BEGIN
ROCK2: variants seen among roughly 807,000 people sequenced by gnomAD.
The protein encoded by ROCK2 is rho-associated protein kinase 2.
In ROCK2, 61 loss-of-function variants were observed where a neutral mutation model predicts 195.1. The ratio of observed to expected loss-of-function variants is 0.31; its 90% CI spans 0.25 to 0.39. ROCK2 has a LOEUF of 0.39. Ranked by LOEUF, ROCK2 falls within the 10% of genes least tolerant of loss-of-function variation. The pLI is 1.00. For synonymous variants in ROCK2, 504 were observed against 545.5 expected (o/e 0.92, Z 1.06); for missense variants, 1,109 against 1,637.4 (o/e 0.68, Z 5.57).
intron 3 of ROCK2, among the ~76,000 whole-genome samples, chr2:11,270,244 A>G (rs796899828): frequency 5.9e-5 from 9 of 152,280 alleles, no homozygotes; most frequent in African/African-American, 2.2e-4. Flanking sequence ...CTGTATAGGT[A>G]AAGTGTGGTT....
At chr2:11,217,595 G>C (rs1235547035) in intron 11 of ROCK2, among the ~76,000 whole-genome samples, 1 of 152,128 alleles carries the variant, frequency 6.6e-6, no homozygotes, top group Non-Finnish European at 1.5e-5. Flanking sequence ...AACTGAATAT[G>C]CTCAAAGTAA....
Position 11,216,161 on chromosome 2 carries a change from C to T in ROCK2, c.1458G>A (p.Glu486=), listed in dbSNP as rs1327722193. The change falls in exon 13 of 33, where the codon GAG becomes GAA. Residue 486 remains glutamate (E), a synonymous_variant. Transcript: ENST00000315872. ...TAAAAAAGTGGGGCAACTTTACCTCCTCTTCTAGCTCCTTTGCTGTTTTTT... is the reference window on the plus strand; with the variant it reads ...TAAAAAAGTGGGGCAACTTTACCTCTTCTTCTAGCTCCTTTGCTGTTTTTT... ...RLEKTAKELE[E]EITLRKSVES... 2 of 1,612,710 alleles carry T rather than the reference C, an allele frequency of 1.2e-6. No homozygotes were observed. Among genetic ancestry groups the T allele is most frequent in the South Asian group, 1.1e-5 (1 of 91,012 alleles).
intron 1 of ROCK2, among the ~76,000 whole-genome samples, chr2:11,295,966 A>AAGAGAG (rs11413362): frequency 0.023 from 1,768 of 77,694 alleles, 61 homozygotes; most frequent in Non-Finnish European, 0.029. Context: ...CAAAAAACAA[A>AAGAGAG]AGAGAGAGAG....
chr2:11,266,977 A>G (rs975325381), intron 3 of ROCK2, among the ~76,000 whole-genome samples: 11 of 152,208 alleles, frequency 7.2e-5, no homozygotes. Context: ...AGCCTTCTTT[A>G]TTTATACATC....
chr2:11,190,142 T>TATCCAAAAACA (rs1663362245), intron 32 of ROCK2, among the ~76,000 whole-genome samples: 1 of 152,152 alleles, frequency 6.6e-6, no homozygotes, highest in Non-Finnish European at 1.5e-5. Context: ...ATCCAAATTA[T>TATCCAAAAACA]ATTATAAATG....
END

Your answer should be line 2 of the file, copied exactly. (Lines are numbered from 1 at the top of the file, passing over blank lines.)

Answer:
The protein encoded by ROCK2 is rho-associated protein kinase 2.